How About Not Amending the Natural Born Citizen Clause?
We need the Supreme Court to clarify this issue.
After presidential hopeful Ted Cruz found himself defending his eligibility to hold the nation’s highest office, he found support from an unusual source: liberals. Other candidates stoked the idea that Cruz is ineligible to become president because he was born in Canada to an American mother. And those liberals who think nothing of changing the Constitution are supporting the idea of taking a can of whiteout to the nation’s founding document to make it so naturalized citizens could also serve in the high office. Vox, which literally called the Constitution “a decrepit 229-year-old political compromise,” argued that the second of the two requirements to serve as president be struck from the modern political process. That assessment was seconded by Washington Post columnist Ruth Marcus when she wrote: “In an increasingly globalized age of international adoptions, the restriction sends an ugly, discouraging message to these children, and other naturalized citizens, that they are less than fully American. It is the kind of discriminatory treatment that would be deemed unconstitutional were the rule not embedded in the Constitution itself.”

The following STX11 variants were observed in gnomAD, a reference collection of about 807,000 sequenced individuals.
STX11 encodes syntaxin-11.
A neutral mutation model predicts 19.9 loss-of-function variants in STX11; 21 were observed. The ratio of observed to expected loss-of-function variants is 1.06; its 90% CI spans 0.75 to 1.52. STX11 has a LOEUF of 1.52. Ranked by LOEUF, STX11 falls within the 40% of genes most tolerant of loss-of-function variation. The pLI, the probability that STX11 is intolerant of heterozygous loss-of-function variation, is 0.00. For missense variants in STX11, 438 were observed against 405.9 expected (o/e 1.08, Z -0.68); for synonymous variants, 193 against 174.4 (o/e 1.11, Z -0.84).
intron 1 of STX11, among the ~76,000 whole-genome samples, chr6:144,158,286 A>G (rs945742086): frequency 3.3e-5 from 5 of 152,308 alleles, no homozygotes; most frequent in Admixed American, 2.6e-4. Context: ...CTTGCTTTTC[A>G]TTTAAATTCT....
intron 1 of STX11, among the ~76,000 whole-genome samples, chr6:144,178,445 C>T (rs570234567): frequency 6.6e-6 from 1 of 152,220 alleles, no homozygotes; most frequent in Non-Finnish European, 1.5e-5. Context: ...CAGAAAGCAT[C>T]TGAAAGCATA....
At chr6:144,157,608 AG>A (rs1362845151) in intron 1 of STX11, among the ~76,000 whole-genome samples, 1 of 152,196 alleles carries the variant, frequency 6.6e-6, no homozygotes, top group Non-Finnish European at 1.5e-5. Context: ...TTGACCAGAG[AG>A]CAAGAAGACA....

But there are two concerns here. First, it’s not too much to ask that the leader of this nation grow up in its education system, to live in this country’s neighborhoods, and to work an American job before taking up the mantle of leadership. Second — as the Founders worried — we don’t want a high-rolling oligarch from overseas to come to power and lead this country in a way that benefits his or her homeland. It’s a national security issue, to ensure the commander in chief is loyal to our own nation. As Hot Air’s Jazz Shaw opines, we don’t need a constitutional rewrite; we need the Supreme Court to clarify this issue.